The Econometrics of Time Series Data

Por: Coursera . en: , ,

  • Time Series Data
    • This week’s materials present a number of time series observations. We look at white noise, trend stationary and non-stationary time series. We explore both at real observation about the GDP and to financial markets observations, and to generated series of data. We introduce both the idea of autocorrelation function and that of partial autocorrelation function as tools to understand the degree of persistency in a series of data.
  • Stationary Time Series Models
    • This week we deal with stationary time series models. We present white noise, moving average, autoregression and autoregressive and moving average models. We describe the models and the different types of autocorrelation functions you have in each of these cases. We also discuss the problem of estimating the order of the autocorrelation and moving average models. We study the idea and the challenges raised by forecasting, and that’s raised by high persistency of the impact of shocks on the observed series.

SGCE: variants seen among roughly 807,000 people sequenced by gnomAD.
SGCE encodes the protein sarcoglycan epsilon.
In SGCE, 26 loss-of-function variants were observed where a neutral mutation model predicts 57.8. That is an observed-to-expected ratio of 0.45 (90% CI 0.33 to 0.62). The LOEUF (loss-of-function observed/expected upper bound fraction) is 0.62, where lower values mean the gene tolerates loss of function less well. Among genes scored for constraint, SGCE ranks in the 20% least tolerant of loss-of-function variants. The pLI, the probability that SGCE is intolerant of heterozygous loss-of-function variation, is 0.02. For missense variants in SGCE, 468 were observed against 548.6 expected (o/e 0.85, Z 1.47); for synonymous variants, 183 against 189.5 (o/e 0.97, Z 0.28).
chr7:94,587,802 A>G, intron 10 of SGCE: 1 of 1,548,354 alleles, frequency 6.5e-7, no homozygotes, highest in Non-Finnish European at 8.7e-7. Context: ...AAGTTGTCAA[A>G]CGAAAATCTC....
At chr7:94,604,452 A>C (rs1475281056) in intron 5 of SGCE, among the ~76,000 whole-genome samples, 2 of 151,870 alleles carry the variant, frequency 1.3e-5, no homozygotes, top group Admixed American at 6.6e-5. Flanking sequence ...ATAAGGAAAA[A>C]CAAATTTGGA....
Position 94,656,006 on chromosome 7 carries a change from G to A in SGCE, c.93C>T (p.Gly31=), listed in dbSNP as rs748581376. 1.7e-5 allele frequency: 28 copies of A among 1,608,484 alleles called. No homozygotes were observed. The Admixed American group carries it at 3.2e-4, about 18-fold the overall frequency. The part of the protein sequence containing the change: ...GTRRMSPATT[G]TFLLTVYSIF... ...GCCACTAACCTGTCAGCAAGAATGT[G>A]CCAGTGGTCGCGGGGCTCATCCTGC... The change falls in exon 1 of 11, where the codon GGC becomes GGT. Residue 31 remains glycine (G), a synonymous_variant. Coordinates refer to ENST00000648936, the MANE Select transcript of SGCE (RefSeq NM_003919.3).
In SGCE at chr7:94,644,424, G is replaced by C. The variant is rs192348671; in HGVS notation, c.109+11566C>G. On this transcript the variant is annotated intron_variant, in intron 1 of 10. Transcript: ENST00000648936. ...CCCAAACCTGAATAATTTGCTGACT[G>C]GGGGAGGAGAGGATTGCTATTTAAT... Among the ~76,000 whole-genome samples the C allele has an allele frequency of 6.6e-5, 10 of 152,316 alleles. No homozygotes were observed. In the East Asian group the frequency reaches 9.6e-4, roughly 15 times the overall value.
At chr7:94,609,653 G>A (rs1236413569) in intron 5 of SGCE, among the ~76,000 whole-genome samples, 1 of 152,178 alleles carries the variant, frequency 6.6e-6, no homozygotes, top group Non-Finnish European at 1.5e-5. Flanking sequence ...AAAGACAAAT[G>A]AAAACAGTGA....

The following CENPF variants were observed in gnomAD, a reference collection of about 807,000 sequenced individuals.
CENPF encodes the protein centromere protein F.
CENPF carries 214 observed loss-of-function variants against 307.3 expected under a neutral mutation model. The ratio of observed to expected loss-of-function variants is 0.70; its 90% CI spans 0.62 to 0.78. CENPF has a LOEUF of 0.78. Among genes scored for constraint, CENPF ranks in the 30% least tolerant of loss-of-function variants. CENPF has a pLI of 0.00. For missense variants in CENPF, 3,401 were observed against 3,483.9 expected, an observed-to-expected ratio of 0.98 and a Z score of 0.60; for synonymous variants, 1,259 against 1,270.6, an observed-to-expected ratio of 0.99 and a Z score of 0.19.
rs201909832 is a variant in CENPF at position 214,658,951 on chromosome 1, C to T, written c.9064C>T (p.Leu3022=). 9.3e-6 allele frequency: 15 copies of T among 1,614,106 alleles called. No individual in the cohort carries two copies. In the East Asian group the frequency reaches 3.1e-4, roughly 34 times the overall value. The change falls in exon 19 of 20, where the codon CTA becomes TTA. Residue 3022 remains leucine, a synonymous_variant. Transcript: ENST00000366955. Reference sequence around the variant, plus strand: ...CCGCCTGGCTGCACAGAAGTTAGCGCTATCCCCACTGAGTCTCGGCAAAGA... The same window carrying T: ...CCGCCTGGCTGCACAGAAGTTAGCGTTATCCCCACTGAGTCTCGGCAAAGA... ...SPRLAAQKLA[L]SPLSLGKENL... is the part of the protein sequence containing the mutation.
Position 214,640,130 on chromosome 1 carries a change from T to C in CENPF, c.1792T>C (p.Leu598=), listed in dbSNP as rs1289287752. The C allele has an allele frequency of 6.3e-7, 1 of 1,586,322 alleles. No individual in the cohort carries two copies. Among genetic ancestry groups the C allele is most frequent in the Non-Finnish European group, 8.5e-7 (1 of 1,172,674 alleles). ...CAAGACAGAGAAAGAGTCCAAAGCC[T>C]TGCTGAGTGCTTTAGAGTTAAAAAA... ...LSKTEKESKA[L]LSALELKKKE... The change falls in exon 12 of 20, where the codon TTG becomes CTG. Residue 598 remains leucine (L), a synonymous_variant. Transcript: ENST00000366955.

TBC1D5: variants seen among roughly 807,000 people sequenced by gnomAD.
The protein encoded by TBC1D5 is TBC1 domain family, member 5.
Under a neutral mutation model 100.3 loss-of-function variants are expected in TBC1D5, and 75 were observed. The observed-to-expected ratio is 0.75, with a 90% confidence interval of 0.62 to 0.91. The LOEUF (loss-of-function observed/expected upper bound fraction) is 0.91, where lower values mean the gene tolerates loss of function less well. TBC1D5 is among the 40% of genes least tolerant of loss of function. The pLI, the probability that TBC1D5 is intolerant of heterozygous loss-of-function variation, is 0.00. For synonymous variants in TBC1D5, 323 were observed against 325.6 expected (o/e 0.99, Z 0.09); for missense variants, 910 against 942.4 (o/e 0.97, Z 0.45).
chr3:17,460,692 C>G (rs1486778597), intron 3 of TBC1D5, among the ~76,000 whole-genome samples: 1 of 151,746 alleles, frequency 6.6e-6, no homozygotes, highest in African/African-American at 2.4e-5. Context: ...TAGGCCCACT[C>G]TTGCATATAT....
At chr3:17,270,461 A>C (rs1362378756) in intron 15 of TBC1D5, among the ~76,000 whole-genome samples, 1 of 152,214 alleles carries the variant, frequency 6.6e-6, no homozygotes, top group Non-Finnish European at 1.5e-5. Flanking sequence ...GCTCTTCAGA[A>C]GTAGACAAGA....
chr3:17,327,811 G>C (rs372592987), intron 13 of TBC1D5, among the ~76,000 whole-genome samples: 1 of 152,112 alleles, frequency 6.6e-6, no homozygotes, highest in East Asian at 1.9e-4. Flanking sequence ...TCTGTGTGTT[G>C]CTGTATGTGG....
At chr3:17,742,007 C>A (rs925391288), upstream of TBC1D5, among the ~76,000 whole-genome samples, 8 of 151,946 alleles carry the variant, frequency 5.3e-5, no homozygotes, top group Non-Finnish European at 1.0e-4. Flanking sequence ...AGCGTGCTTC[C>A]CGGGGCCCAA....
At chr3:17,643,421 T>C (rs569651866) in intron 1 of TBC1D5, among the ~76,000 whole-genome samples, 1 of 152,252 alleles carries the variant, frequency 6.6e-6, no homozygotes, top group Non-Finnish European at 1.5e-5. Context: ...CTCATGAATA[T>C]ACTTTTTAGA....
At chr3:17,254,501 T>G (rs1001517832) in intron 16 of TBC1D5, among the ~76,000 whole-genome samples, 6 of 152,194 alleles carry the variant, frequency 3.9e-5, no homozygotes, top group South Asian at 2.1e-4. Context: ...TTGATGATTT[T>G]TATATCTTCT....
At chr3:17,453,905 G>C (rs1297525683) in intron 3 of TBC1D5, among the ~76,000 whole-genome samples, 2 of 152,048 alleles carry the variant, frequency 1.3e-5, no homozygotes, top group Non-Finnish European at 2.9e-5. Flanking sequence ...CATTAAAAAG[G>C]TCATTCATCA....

• Non-Stationary Time Series Models
    • This week we consider the problems raised by non-stationarity of time series observations. We define non-stationarity of time series data, and present the tests for non-stationarity, including the challenges raised by near non-stationarity, and that of potential correlation of the estimating model when testing for non-stationarity. We present a full example to show what are the consequences in cases where we adopt the classical linear regression model when observations are non-stationary. We introduce the idea of cointegration and present introductory models to test whether the variables are cointegrated.
  • Models for Changing Volatility
    • This week’s materials discuss some stylised facts present across financial market returns, independent of the period, the financial tool and the market we study, that are volatility clustering and aggregational gaussianity. We discuss why these models, being nonlinear in nature, cannot be estimated via the classical linear regression model, and discuss and estimate some examples of autoregressive conditional heteroscedastic models. We discuss advantages and shortcomings of these models; building on the latter, we present some generalisation of the approach to generalised conditional heteroscedastic models (GARCH), GARCH-in-meena, TGARCH amd IGRACH models.